The display case of their home-made sausages and jerky is almost as long as the fresh meat case and they also display some of their sausages and jerky on top of a portion of the fresh meat cases. East Bernardians must be big meat-eaters. I’ve taken along a cooler on all of my subsequent visits and picked up some of several varieties to go including some of their summer sausage and some of their peppered, smoked bacon. They have three varieties of summer sausage, a regular, a black pepper encrusted and one with large chunks of hot cheese, as the butcher described it, included. My favorite has become the hot pepper cheese one but the black pepper encrusted one is also excellent - just a little messy with all the pepper that will flake off as you handle it. Among their sausages there isn’t a bad one but I probably like the hot links least. I’m not a big jerky fan so have only tried it once; I do like their beef sticks a lot, though.

East Bernard is a Czech community which means you have to try the kolaches. These have usually been very hefty kolaches compared to what I’m used to getting in the city with a heavier dough and lots of filling, between 1/4 and 1/3 cup I’d estimate, but on my last visit they were much smaller but I don't know if that was a permanent change. If you get there after noon they may all be gone. East Bernard is not a tourist destination so they just bake enough for the local regulars, I guess. There are also some very good looking strudels and bundt cakes, cookies and brownies in the bakery case, and some loaves of home-made bread. The bundt cakes and cookies I’ve tried have been very good. Among the home canned items are dilled green beans, corn relish and peach and cherry cobbler and some of their bbq sauce.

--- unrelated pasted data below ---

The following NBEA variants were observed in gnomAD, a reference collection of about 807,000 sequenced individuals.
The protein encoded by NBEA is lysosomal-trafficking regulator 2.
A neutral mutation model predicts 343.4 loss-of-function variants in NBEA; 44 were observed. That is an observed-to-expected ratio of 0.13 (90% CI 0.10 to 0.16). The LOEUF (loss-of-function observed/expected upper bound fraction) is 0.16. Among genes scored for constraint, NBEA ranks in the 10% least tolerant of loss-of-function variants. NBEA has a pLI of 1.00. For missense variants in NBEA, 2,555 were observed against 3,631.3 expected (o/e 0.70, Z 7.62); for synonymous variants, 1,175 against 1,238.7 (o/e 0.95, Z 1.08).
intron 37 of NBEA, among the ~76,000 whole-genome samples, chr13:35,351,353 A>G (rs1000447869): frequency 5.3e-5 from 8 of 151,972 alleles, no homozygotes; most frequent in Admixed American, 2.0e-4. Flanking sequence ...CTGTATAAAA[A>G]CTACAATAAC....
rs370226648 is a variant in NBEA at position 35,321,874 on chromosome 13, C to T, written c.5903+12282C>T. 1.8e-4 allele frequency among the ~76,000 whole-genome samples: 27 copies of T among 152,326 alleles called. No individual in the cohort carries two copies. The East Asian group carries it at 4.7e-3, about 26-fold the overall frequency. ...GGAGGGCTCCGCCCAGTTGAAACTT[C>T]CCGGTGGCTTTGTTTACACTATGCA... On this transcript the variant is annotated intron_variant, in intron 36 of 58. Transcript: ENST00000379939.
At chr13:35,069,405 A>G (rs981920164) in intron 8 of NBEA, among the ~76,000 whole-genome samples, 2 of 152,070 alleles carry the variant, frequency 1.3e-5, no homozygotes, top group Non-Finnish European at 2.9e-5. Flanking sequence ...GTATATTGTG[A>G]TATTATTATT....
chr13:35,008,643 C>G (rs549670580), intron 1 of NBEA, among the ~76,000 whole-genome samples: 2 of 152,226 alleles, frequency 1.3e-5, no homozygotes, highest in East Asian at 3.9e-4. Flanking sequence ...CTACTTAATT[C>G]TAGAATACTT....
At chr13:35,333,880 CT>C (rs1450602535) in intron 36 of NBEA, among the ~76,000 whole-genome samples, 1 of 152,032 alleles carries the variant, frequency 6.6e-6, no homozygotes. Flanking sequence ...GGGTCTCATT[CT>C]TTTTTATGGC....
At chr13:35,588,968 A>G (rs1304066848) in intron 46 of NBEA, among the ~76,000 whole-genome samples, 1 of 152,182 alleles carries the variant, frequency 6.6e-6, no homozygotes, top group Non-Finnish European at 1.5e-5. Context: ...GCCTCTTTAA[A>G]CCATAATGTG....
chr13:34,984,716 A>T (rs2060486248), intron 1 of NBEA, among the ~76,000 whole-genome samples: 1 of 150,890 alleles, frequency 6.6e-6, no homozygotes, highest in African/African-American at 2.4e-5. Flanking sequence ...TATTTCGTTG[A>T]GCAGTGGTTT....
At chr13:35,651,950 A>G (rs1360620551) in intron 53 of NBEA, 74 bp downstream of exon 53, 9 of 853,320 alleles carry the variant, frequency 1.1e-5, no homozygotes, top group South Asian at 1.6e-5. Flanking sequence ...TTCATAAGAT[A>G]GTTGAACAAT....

In the music department at Vincek’s you can pick up the latest releases from the Dujka Brothers, the Shiner Hobos, Sil Krenek or others for your collection.

Vincek’s is in a plain brick block building, devoid of windows and marked only by block-lettered signs, located on TX 60 just south of US 90A, the Houston-San Antonio highway before I-10 was built, in East Bernard, less than 60 miles west of Houston. The starkness of the exterior will completely mislead you about the delights awaiting within.

UPDATE: They've added a website since this report was posted with necessary information about hours, etc.